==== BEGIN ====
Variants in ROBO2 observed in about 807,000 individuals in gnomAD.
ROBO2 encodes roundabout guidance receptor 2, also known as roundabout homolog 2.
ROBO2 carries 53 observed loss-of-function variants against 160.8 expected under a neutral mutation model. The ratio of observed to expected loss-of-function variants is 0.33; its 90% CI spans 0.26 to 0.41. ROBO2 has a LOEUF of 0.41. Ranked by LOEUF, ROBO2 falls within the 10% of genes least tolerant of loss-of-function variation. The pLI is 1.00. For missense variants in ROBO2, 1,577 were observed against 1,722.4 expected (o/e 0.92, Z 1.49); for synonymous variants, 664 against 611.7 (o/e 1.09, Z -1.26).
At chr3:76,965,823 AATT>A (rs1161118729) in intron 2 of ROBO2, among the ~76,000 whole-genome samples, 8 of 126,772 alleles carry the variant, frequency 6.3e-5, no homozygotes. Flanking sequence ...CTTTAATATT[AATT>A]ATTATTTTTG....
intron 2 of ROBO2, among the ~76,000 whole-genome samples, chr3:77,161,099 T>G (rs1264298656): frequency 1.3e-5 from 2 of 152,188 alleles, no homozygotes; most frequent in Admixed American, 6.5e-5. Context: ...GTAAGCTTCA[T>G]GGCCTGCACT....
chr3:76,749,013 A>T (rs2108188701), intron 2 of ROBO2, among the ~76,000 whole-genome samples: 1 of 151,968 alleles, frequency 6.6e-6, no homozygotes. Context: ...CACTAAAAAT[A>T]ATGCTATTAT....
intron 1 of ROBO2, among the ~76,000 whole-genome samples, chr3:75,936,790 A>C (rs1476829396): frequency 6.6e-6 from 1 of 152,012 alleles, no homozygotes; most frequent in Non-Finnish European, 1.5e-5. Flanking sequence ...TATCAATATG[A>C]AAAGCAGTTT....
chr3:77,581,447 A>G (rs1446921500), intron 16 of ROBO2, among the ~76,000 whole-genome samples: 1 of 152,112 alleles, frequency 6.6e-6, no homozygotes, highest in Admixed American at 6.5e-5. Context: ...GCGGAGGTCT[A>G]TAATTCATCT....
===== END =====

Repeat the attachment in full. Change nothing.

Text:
Variants in ROBO2 observed in about 807,000 individuals in gnomAD.
ROBO2 encodes roundabout guidance receptor 2, also known as roundabout homolog 2.
ROBO2 carries 53 observed loss-of-function variants against 160.8 expected under a neutral mutation model. The ratio of observed to expected loss-of-function variants is 0.33; its 90% CI spans 0.26 to 0.41. ROBO2 has a LOEUF of 0.41. Ranked by LOEUF, ROBO2 falls within the 10% of genes least tolerant of loss-of-function variation. The pLI is 1.00. For missense variants in ROBO2, 1,577 were observed against 1,722.4 expected (o/e 0.92, Z 1.49); for synonymous variants, 664 against 611.7 (o/e 1.09, Z -1.26).
At chr3:76,965,823 AATT>A (rs1161118729) in intron 2 of ROBO2, among the ~76,000 whole-genome samples, 8 of 126,772 alleles carry the variant, frequency 6.3e-5, no homozygotes. Flanking sequence ...CTTTAATATT[AATT>A]ATTATTTTTG....
intron 2 of ROBO2, among the ~76,000 whole-genome samples, chr3:77,161,099 T>G (rs1264298656): frequency 1.3e-5 from 2 of 152,188 alleles, no homozygotes; most frequent in Admixed American, 6.5e-5. Context: ...GTAAGCTTCA[T>G]GGCCTGCACT....
chr3:76,749,013 A>T (rs2108188701), intron 2 of ROBO2, among the ~76,000 whole-genome samples: 1 of 151,968 alleles, frequency 6.6e-6, no homozygotes. Context: ...CACTAAAAAT[A>T]ATGCTATTAT....
intron 1 of ROBO2, among the ~76,000 whole-genome samples, chr3:75,936,790 A>C (rs1476829396): frequency 6.6e-6 from 1 of 152,012 alleles, no homozygotes; most frequent in Non-Finnish European, 1.5e-5. Flanking sequence ...TATCAATATG[A>C]AAAGCAGTTT....
chr3:77,581,447 A>G (rs1446921500), intron 16 of ROBO2, among the ~76,000 whole-genome samples: 1 of 152,112 alleles, frequency 6.6e-6, no homozygotes, highest in Admixed American at 6.5e-5. Context: ...GCGGAGGTCT[A>G]TAATTCATCT....